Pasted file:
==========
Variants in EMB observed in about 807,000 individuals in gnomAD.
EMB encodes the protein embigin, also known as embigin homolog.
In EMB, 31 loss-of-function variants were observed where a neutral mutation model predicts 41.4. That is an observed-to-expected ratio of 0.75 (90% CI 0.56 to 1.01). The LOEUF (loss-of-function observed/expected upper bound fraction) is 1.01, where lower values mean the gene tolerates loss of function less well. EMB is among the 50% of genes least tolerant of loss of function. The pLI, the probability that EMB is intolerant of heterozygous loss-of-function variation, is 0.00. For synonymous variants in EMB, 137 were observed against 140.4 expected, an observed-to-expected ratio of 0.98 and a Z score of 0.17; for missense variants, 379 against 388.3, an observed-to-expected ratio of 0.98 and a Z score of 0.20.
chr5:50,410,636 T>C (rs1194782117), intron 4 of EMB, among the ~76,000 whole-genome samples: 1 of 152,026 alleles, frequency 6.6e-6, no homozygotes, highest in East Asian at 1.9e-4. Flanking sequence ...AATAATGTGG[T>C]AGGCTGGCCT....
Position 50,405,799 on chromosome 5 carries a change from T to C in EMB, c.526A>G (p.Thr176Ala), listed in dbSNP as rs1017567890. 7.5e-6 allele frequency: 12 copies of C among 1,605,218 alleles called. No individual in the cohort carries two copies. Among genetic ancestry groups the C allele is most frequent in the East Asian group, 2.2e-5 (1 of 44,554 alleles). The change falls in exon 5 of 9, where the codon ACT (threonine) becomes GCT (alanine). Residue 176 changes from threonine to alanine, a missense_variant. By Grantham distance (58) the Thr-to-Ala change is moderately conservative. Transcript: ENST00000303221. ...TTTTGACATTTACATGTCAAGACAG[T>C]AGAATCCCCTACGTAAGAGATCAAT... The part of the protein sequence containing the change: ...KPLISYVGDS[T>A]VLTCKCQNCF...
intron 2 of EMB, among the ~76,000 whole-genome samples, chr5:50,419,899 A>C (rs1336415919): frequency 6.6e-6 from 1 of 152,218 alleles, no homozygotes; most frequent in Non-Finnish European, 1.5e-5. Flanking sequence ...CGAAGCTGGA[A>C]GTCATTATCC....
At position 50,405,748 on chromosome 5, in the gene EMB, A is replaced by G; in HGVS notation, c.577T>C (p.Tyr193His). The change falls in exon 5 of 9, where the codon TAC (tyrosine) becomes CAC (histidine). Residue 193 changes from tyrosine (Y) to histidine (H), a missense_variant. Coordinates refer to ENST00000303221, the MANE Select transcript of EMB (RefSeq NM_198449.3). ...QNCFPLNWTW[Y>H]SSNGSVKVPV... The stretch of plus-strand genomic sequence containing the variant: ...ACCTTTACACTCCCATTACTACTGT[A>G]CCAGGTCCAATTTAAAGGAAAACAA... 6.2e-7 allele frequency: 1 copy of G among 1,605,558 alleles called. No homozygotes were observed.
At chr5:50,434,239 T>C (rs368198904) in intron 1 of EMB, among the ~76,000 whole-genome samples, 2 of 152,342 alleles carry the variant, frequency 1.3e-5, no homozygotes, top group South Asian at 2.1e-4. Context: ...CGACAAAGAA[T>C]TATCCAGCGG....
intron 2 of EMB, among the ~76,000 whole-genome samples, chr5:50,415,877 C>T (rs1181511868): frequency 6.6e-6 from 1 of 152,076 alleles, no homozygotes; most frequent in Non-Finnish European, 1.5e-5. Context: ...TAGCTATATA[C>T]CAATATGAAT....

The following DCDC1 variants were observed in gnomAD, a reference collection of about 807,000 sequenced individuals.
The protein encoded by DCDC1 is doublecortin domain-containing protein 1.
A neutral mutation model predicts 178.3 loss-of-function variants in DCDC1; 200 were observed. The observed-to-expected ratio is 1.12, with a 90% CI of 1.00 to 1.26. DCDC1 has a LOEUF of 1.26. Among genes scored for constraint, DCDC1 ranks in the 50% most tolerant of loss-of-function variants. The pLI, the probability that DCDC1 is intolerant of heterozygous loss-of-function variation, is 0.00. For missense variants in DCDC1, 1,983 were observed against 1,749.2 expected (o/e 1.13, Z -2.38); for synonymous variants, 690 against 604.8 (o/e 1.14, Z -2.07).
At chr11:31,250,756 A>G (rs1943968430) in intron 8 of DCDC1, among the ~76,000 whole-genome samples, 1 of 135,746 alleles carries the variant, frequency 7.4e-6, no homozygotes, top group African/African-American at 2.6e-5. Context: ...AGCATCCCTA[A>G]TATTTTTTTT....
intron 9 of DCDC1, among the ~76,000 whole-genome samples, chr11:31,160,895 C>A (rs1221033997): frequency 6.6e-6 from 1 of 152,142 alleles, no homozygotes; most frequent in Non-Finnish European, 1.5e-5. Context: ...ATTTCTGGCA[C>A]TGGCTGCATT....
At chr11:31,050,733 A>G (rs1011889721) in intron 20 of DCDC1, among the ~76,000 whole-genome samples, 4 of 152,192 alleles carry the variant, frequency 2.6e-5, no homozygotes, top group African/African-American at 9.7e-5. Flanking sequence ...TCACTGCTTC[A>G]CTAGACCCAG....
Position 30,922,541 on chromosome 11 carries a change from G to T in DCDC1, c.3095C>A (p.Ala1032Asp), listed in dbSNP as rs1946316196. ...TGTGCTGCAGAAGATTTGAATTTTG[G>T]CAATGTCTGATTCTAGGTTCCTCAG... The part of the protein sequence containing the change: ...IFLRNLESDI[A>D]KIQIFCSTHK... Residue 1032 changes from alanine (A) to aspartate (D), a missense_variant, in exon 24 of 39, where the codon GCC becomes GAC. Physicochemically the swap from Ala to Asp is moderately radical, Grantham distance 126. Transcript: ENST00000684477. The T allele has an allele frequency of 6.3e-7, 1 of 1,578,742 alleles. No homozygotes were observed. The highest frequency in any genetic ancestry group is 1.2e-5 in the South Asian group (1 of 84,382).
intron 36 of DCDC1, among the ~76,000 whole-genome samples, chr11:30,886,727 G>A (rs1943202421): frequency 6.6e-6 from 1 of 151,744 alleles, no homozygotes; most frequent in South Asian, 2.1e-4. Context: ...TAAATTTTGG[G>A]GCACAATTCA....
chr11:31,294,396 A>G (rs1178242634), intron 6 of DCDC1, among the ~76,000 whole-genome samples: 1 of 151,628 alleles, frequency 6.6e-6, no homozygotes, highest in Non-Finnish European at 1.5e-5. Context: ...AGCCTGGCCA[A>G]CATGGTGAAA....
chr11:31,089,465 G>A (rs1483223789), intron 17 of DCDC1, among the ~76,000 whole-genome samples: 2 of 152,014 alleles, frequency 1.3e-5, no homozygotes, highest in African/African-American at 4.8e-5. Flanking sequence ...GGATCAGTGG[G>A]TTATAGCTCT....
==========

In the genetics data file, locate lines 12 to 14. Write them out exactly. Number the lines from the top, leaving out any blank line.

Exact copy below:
A neutral mutation model predicts 178.3 loss-of-function variants in DCDC1; 200 were observed. The observed-to-expected ratio is 1.12, with a 90% CI of 1.00 to 1.26. DCDC1 has a LOEUF of 1.26. Among genes scored for constraint, DCDC1 ranks in the 50% most tolerant of loss-of-function variants. The pLI, the probability that DCDC1 is intolerant of heterozygous loss-of-function variation, is 0.00. For missense variants in DCDC1, 1,983 were observed against 1,749.2 expected (o/e 1.13, Z -2.38); for synonymous variants, 690 against 604.8 (o/e 1.14, Z -2.07).
At chr11:31,250,756 A>G (rs1943968430) in intron 8 of DCDC1, among the ~76,000 whole-genome samples, 1 of 135,746 alleles carries the variant, frequency 7.4e-6, no homozygotes, top group African/African-American at 2.6e-5. Context: ...AGCATCCCTA[A>G]TATTTTTTTT....
intron 9 of DCDC1, among the ~76,000 whole-genome samples, chr11:31,160,895 C>A (rs1221033997): frequency 6.6e-6 from 1 of 152,142 alleles, no homozygotes; most frequent in Non-Finnish European, 1.5e-5. Context: ...ATTTCTGGCA[C>A]TGGCTGCATT....